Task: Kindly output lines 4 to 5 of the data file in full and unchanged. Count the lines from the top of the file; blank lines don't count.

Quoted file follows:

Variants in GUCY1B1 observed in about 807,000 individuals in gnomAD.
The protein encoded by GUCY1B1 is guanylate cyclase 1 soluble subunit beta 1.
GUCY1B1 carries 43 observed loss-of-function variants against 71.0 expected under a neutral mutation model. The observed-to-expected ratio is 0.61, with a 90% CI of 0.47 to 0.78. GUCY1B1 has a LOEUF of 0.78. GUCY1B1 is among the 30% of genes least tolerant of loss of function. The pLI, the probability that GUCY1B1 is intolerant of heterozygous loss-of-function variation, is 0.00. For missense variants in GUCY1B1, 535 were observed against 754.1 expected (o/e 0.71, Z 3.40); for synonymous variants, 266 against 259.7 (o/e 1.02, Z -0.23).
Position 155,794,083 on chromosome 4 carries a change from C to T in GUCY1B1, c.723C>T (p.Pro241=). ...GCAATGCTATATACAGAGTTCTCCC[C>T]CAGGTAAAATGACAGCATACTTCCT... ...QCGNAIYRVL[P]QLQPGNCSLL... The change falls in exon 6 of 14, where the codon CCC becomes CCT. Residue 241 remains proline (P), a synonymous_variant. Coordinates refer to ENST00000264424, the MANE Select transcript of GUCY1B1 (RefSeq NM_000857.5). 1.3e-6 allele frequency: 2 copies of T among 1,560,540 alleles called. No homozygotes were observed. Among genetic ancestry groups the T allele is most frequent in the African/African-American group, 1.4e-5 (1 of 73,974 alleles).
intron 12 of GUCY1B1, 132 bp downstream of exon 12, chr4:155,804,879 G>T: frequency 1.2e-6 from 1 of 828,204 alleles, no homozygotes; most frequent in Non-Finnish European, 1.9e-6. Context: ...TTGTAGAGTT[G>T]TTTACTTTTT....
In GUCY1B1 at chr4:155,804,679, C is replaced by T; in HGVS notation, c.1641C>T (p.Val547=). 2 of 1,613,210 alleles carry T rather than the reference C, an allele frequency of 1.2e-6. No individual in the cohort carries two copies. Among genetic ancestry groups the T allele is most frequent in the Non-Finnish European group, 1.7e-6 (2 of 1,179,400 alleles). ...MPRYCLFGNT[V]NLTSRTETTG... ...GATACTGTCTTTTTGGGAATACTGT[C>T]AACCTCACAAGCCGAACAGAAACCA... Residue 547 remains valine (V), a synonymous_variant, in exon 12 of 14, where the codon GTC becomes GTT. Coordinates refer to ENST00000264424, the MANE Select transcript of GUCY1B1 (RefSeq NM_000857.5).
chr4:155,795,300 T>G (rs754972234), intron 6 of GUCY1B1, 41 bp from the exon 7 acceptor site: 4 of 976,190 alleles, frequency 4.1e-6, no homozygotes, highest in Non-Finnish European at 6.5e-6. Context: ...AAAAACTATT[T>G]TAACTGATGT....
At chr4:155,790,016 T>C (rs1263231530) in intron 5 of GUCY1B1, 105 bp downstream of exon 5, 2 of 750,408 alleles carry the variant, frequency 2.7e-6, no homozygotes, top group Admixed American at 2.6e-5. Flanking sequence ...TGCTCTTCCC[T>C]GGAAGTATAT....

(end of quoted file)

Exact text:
Position 155,794,083 on chromosome 4 carries a change from C to T in GUCY1B1, c.723C>T (p.Pro241=). ...GCAATGCTATATACAGAGTTCTCCC[C>T]CAGGTAAAATGACAGCATACTTCCT... ...QCGNAIYRVL[P]QLQPGNCSLL... The change falls in exon 6 of 14, where the codon CCC becomes CCT. Residue 241 remains proline (P), a synonymous_variant. Coordinates refer to ENST00000264424, the MANE Select transcript of GUCY1B1 (RefSeq NM_000857.5). 1.3e-6 allele frequency: 2 copies of T among 1,560,540 alleles called. No homozygotes were observed. Among genetic ancestry groups the T allele is most frequent in the African/African-American group, 1.4e-5 (1 of 73,974 alleles).
intron 12 of GUCY1B1, 132 bp downstream of exon 12, chr4:155,804,879 G>T: frequency 1.2e-6 from 1 of 828,204 alleles, no homozygotes; most frequent in Non-Finnish European, 1.9e-6. Context: ...TTGTAGAGTT[G>T]TTTACTTTTT....